- The biggest single step in the right direction does not involve faculty or university administrators, but rather the federal government, which should release universities from their fear of unreasonable investigation and sanctions by the Department of Education. Congress should define peer-on-peer harassment according to the Supreme Court’s definition in the 1999 case Davis v. Monroe County Board of Education. The Davis standard holds that a single comment or thoughtless remark by a student does not equal harassment; harassment requires a pattern of objectively offensive behavior by one student that interferes with another student’s access to education. Establishing the Davis standard would help eliminate universities’ impulse to police their students’ speech so carefully.

- Finally, universities should rethink the skills and values they most want to impart to their incoming students. At present, many freshman-orientation programs try to raise student sensitivity to a nearly impossible level.

- Thomas Jefferson, upon founding the University of Virginia, said: This institution will be based on the illimitable freedom of the human mind. For here we are not afraid to follow truth wherever it may lead, nor to tolerate any error so long as reason is left free to combat it. We believe that this is still—and will always be—the best attitude for American universities. Faculty, administrators, students, and the federal government all have a role to play in restoring universities to their historic mission.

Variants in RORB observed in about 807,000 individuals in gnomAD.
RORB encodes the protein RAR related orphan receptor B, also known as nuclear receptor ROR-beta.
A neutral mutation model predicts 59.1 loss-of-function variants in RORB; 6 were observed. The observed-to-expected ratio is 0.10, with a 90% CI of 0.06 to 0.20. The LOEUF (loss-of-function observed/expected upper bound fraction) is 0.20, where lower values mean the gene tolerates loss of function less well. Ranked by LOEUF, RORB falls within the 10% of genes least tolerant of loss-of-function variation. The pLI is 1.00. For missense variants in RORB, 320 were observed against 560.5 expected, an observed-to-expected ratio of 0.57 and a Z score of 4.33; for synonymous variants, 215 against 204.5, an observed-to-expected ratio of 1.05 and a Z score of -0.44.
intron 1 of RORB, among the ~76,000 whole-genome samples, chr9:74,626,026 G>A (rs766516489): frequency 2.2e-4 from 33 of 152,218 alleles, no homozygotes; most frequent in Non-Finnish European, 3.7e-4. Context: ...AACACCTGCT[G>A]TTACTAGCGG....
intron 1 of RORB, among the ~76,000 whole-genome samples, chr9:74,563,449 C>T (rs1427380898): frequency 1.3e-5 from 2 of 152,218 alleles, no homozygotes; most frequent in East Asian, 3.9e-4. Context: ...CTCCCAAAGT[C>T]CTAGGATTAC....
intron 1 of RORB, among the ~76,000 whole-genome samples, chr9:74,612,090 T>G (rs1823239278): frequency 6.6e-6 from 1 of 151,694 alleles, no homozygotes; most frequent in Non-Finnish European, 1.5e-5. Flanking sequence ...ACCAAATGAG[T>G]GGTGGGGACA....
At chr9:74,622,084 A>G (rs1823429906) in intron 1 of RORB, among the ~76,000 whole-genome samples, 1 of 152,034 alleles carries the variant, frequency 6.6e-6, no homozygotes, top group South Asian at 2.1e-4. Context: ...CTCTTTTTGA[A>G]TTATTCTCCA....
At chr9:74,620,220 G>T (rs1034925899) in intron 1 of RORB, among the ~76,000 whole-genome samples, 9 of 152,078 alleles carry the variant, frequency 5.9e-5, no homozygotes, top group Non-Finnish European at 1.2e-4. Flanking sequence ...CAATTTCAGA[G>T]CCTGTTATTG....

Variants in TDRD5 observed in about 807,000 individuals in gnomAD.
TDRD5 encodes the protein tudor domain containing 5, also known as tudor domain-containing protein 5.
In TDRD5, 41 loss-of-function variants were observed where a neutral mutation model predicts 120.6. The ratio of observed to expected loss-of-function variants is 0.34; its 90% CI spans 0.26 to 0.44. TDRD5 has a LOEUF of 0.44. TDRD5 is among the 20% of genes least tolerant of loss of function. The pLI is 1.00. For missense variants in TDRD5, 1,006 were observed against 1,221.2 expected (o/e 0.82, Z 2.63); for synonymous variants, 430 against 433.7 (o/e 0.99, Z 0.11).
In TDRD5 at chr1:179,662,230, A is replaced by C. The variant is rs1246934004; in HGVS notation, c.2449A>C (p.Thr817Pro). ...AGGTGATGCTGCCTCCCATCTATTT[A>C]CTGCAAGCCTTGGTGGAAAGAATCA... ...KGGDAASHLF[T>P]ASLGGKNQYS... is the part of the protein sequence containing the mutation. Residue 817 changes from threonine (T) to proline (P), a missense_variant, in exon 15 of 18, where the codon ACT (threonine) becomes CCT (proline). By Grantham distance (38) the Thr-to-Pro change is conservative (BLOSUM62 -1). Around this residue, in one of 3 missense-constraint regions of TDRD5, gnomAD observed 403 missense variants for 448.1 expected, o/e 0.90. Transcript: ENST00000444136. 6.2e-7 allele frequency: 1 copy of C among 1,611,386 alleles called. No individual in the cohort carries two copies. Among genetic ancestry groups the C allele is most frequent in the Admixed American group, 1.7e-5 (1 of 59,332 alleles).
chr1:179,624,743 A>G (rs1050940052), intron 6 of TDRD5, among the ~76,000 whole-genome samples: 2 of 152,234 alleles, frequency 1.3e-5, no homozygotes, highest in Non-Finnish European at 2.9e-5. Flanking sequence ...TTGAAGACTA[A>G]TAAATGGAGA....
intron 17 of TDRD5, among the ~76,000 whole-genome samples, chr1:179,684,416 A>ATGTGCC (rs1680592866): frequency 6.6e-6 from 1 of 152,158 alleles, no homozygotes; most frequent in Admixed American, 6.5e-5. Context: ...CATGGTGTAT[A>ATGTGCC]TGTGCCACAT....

For the full article click over to - http://www.theatlantic.com/magazine/archive/2015/09/the-coddling-of-the-american-mind/399356/ Major publications need to know that speaking truth gets page views too.


RE: Liberal mag cover decries coddling college curicula - Sonsowey - 08-30-2015 08:27 AM

The Atlantic is part of this shit, fuck them.


RE: Liberal mag cover decries coddling college curicula - Lizard King - 08-30-2015 09:00 AM

Dupe http://www.rooshvforum.com/thread-49738.html